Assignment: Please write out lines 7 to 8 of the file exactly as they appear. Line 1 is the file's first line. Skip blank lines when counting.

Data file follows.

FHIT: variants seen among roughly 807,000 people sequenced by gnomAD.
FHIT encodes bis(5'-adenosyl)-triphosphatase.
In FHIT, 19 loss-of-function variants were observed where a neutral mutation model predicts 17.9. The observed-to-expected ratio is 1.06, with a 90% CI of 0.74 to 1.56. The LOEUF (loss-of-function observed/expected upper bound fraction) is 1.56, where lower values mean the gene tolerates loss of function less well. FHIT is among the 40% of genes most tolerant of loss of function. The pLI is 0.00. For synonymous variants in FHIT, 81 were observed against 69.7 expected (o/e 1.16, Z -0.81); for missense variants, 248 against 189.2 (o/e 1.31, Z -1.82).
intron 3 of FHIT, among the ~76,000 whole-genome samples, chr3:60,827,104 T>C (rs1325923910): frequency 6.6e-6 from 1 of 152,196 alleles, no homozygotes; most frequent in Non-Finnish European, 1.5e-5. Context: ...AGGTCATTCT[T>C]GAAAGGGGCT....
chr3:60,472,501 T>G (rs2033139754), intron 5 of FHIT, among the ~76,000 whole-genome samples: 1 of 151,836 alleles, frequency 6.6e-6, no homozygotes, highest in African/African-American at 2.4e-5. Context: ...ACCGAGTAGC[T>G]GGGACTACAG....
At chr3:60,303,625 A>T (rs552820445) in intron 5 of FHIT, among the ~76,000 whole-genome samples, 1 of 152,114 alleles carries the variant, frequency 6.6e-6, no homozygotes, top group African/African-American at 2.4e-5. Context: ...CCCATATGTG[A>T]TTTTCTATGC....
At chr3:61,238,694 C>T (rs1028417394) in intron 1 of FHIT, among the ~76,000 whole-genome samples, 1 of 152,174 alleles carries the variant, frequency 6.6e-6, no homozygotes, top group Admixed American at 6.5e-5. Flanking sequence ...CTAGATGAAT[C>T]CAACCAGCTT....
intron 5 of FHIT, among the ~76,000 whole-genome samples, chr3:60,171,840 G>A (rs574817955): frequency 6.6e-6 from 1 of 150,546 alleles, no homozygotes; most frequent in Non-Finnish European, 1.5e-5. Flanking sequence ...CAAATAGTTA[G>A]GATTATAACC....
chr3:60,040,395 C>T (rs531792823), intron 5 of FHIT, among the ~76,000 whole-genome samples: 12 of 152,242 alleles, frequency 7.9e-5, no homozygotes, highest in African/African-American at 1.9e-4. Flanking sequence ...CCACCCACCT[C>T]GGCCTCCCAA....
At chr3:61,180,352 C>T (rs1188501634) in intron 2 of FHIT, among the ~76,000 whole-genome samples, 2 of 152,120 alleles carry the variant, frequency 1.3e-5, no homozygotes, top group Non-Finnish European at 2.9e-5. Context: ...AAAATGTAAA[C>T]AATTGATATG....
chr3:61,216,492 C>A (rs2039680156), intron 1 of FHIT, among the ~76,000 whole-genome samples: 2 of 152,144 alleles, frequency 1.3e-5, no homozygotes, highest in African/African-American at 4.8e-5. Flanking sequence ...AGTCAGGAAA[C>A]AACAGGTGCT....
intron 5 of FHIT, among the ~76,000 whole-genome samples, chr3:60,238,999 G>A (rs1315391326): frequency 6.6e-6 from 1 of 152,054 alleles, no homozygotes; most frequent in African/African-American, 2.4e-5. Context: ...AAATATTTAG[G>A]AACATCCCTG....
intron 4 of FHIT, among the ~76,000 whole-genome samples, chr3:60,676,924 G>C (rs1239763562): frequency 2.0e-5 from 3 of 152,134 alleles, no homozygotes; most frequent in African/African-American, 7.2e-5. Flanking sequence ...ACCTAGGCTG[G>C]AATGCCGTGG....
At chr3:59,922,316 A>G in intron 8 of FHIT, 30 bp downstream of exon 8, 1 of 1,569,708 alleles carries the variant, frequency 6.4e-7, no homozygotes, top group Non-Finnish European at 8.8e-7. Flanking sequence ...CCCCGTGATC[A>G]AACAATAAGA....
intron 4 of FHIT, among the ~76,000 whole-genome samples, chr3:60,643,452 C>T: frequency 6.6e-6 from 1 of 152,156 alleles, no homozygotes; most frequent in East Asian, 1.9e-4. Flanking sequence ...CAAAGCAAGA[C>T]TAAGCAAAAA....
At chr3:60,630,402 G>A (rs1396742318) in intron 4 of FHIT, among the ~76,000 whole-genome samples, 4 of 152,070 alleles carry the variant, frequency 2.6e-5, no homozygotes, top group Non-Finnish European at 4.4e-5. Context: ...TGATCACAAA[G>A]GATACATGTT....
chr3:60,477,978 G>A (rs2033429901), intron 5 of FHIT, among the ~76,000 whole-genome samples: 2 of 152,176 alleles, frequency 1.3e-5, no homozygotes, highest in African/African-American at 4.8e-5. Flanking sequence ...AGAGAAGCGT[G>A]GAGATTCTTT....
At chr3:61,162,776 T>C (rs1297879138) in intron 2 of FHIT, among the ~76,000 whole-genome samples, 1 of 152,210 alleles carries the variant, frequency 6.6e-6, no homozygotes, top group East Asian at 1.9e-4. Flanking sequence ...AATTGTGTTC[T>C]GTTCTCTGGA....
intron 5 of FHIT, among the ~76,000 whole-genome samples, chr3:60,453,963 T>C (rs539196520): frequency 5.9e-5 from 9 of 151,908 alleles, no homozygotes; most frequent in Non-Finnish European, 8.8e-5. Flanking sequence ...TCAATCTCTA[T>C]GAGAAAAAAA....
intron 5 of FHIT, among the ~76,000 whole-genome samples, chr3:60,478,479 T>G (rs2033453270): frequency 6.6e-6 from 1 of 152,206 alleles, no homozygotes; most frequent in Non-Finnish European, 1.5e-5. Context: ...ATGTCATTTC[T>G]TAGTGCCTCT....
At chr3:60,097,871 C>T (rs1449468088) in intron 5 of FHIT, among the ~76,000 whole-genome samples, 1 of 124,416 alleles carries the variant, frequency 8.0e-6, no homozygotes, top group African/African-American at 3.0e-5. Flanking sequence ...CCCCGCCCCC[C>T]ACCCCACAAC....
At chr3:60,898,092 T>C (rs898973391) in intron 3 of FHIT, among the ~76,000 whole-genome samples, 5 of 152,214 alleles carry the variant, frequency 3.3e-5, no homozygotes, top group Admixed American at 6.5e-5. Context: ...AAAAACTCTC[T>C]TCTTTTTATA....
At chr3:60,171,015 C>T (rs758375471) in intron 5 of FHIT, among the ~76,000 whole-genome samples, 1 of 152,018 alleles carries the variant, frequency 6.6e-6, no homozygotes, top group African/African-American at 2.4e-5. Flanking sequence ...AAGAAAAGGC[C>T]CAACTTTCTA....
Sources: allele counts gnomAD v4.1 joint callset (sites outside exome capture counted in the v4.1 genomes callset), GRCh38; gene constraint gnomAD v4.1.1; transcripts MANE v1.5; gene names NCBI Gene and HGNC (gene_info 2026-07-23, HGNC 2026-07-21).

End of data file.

At chr3:61,238,694 C>T (rs1028417394) in intron 1 of FHIT, among the ~76,000 whole-genome samples, 1 of 152,174 alleles carries the variant, frequency 6.6e-6, no homozygotes, top group Admixed American at 6.5e-5. Flanking sequence ...CTAGATGAAT[C>T]CAACCAGCTT....
intron 5 of FHIT, among the ~76,000 whole-genome samples, chr3:60,171,840 G>A (rs574817955): frequency 6.6e-6 from 1 of 150,546 alleles, no homozygotes; most frequent in Non-Finnish European, 1.5e-5. Flanking sequence ...CAAATAGTTA[G>A]GATTATAACC....